February 6, 2014 |
A generic blood pressure drug could prevent hyperactive brain cell firing associated with early stages of autism spectrum disorder, according to a new study. Injecting pregnant mice with Bumetanide, a diuretic, appears to correct a developmental switch flipped during childbirth that reverses the firing characteristics of neurons in newborns, according to a study published online Thursday in the journal Science. Bumetanide mimics the effects of oxytocin, a hormone released during labor that helps protect newborns from the stresses and complications of birth, the study found.
November 28, 2012 |
At the time of his death of an aortic aneurysm at age 76, Albert Einstein's brain was no bigger, and weighed no more, than the brain of an average older male. But beneath that unique organ's external folds and fissures, our universe was re-conceived. So not surprisingly, when photographs of Einstein's postmortem brain unexpectedly came to light recently, scientists were keen to find evidence of the genius that lay within. The result is a remarkably detailed look at the surface of Einstein's brain, published recently in the journal Brain.
October 23, 2012 |
Here's something for raw-food aficionados to chew on: Cooked food might be a big reason humans were able to grow such large brains compared to their body size, scientists say. If modern human ancestors had eaten only raw food, they'd have to regularly feed more than nine hours a day, according to a study published online Monday in Proceedings of the National Academy of Sciences. A pair of researchers from the Instituto Nacional de Neurociéncia Translacional in São Paulo, Brazil, decided to try and help explain why modern humans' brains were able to grow so large compared to their body size and why other primates' brains did not. They looked at the relative brain-to-neuron-counts of a host of primates, from owl monkeys to baboons.
June 10, 2008
Fat cells: A June 2 Health section article on fat cells said that brain cells are never replaced. Although the body doesn't create new cells in the brain's cortex and cerebellum, it does continue to create cells, or neurons, in other parts of the brain.
August 2, 2011 |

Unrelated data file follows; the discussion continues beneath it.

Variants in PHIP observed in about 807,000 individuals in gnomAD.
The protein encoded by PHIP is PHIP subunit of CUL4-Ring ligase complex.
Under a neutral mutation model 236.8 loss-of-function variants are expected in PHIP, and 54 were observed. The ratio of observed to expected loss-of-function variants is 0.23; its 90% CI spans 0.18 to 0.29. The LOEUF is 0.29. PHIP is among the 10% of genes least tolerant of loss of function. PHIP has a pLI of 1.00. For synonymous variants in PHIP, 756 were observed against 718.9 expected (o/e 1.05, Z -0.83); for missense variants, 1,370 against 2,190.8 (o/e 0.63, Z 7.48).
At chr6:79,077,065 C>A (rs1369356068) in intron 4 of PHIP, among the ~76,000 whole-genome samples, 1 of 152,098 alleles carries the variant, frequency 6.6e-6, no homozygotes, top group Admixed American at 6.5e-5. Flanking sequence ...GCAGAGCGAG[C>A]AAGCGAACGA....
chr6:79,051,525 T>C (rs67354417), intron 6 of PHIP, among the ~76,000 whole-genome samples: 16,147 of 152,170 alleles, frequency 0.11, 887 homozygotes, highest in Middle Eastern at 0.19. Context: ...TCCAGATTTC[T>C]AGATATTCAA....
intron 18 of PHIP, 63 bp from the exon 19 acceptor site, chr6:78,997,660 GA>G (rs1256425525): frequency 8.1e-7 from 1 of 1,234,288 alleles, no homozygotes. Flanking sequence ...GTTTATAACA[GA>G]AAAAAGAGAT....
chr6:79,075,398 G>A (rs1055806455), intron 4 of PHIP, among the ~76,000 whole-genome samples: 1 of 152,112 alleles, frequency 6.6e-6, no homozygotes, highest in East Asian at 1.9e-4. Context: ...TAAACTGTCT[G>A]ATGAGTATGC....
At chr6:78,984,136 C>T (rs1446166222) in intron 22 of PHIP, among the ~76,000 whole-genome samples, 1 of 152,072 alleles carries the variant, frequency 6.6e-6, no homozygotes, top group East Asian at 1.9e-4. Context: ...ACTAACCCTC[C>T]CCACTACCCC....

It's all shrinking-brain stuff this week in the health news world, it seems. Yesterday, we reported that obesity (as well as smoking, diabetes and high blood pressure) in midlife causes brains to shrink at an accelerated clip. Today, we learn that dieting causes certain brain cells to start eating bits of themselves -- triggering a hunger response. Damned if you do, damned if you don't. This act of self-cannibalism was reported by scientists at the Albert Einstein College of Medicine in the journal Cell Metabolism . It occurs in mice. But there's a very good chance it would also happen in our heads as well, since many metabolic processes are very similar between our two species -- especially ancient important ones such as "eat more when you're burning more calories than you're taking in. " The neurons in question are specific ones in the hypothalamus that are involved in appetite regulation. What happens is this: The neurons in starved mice start chomping on themselves in a process known technically as autophagy ("self-eat")
September 26, 2013 |
Cocaine messes around with the brain. That scientific no-brainer has been getting more focused over the years, as neuroscientists identify key circuitry that can be reshaped by addiction. But an addiction researcher in Switzerland believes his colleagues may have been a bit too focused on the accelerator instead of the brakes - stimulation rather than disinhibition. Cocaine interferes with a natural inhibitor holding a reward neurotransmitter in balance, and without that brake, an unrestrained flow of dopamine sets off circuitry changes that have been tied to addictive behavior, according to a study published online Thursday in the journal Science.